Game engines have become increasingly complex and feature filled. However, at its
core, they are fairly simple to comprehend and understand. The game engine is a
microcosm of an operating system - managing resources and coordinating execution. The
main difference is that game engines are optimized for an active cycle, one where
computation is continuous and timing does in fact play a part. There are a number of
shared resources including the render targets, but otherwise a number of different
processes can be in play. The individual game just specifies a single startup process
but then can load or unload different startup processes. A scheduler can help manage
and balance the resource usage across multiple threads.
Since core simulation and rendering loop processes are repetitive, we define these
processes as a graph of producers and consumers which will allow the scheduler to
understand synchronization points to better balance execution. Processes are
responsible for allocation and release of the resources that they request and load.
These are the core systems which need to be implemented for the engine.
- The many systems of a simulation must be coordinated in execution. We define
orchestration as running the game loop and managing all the different systems which
goes into creating the end experience for the user.
- The world must be simulated in order to create an immersive experience. We have to
define the component entity model which we will expose as the interface for
interacting with the engine, but can also be used as the basis for all game
- The world must be rendered to the user. We need to define a number of primitives to
be rendered including meshes and particle effects and the corresponding system for
managing shaders and the data buffers being composed and sent to the GPU each frame.
- User interface
- While the user interface is not strictly necessary, it is an invaluable debugging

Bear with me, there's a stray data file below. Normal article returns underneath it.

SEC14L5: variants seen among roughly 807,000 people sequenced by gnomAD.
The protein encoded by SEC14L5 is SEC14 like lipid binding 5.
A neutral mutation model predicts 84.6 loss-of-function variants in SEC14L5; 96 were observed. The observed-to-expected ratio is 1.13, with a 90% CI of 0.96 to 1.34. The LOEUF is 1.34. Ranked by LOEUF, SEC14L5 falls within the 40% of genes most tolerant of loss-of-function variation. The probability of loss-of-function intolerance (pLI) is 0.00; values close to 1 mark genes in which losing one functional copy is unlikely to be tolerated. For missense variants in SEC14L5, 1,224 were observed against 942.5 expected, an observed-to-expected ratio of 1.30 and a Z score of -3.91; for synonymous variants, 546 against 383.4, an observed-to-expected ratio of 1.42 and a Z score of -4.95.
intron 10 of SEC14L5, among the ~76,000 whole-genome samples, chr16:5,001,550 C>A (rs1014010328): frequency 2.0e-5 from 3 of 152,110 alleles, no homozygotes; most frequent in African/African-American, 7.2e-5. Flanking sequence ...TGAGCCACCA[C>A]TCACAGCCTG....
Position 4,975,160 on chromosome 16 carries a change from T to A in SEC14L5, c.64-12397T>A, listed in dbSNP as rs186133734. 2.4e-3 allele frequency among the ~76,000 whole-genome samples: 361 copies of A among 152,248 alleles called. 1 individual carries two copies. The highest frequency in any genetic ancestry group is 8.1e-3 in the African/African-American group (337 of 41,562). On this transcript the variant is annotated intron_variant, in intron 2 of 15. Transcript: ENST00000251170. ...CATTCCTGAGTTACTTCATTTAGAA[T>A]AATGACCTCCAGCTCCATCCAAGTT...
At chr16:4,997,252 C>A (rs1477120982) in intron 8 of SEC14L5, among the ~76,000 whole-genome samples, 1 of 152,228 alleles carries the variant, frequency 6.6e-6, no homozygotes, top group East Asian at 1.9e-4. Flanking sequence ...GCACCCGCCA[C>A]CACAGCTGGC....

and development tool. We would also like to implement complex interfaces in our use
of the engine.
- Input devices - We want to manage all the different input devices
which a user can use. The more immersive or complex the environment is, the more
useful additional methods of inputs can be. Having a flexible system allows user
customization and a better experience.
management - Large number of objects need to be loaded and managed
to create an immersive experience. These resources need to be properly cached and
evicted when necessary. Different capabilities of different computers will change the
constraints for our resources and need to be managed.
- Networking - Large scale games have networking as a requirement.
The simulations we wish to create also need to be networked and thus this is a
- Serialization - We need to be able to save and load state of the
- Packaging - For distributions, we need to be able to package our
assets and properly distribute updates.
In addition to the engine, we must develop a set of tool to support development.
- Lots of edge, content generation, erosion model, photometry, etc.
- Not a lot of middle wear, system are independent.
- Sound propagation is maturing
- Crude incentive models, low fidelity.